Hezbollah: The Story of the Party of God: From Revolution to Institutionalization

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Palgrave Macmillan, 2009 - Political Science - 293 pages
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The Hezbollah movement is a product of the environment in which it operates and of the interactions as well as of the reciprocal relations between the players surrounding it. Hezbollah is a Lebanese Shiite movement with an affinity and a deep correlation with the Iranian system, yet it’s foundation stemmed  from the development of social and political procedures in the Lebanese system, in general, and among the Shia sect, in particular.

As the movement expanded and became institutionalized, it turned more sensitive to the procedures and influences of the internal and the regional systems. On the regional and the international fields, it used a controlled policy which integrates guerrilla warfare and terrorist attacks while taking into account “profit and loss” considerations. The 2008 model of Hezbollah is one of a pragmatic terrorist organization that is far more dangerous than that of the revolutionary Hezbollah of the eighties. In fact, the movement hasn't abandoned its goals, but changed their pace of application.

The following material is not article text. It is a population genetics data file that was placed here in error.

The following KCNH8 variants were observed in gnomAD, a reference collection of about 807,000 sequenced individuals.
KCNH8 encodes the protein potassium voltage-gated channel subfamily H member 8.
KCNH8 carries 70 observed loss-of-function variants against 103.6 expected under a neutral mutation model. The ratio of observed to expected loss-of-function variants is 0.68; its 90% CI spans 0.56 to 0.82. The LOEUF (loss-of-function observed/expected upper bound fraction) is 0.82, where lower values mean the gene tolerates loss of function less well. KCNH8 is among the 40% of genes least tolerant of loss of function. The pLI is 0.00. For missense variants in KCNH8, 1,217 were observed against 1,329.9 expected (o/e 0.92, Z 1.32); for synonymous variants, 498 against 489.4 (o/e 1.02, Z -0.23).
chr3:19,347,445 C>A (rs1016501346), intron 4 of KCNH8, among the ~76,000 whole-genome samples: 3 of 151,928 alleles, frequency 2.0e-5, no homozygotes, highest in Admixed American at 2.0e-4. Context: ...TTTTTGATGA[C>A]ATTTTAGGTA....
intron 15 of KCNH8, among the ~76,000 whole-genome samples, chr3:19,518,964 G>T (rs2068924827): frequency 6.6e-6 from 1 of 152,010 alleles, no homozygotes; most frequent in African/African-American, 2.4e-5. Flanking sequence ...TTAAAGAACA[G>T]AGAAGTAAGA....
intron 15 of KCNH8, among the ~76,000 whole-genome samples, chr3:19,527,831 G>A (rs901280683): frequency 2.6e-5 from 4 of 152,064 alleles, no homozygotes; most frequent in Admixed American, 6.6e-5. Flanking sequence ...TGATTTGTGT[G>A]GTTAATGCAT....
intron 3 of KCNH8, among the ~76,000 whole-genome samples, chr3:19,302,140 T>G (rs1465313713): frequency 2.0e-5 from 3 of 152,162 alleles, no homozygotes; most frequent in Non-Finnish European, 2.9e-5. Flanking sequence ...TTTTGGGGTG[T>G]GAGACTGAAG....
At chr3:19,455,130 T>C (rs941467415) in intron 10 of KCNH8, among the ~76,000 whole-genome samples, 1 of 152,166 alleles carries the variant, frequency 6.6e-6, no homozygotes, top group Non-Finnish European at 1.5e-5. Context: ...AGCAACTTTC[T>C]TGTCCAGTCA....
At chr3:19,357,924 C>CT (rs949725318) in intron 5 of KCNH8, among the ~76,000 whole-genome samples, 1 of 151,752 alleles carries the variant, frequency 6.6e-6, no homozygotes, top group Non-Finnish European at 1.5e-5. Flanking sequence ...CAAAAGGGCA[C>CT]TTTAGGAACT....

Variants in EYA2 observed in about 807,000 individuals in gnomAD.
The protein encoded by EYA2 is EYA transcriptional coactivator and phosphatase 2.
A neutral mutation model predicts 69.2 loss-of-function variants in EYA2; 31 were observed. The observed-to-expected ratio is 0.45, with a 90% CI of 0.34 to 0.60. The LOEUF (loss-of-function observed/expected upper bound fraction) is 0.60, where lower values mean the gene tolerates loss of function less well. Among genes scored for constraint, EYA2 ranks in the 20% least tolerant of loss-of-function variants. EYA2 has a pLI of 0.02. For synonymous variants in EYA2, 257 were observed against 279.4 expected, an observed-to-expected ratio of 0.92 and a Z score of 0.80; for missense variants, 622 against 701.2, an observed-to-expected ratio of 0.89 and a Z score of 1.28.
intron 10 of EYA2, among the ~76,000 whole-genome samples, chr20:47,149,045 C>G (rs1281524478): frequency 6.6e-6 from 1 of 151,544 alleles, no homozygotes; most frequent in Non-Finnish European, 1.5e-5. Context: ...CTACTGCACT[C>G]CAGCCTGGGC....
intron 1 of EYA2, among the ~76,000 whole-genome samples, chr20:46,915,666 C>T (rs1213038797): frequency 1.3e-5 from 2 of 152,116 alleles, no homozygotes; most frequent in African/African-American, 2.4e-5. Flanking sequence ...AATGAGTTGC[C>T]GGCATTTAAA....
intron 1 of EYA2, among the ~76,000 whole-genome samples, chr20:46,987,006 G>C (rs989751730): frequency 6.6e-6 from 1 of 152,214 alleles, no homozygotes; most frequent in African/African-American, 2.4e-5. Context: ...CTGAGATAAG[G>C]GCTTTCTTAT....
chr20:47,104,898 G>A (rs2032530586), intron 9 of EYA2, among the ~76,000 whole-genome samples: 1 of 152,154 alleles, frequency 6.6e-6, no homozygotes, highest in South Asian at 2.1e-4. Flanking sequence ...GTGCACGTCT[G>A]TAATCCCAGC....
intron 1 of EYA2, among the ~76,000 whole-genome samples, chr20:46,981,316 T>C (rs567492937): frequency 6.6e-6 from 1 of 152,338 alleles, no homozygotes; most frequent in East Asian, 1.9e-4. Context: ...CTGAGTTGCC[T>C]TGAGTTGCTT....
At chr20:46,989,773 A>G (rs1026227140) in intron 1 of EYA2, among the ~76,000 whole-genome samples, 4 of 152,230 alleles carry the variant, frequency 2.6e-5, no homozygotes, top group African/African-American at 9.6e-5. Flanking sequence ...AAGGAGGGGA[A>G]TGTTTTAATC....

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About the author (2009)

Dr. Azani currently serves as Deputy Executive Director of the International Policy Institute for Counter-Terrorism (ICT) at the Interdisciplinary Center (IDC) in Herzliya, Israel.

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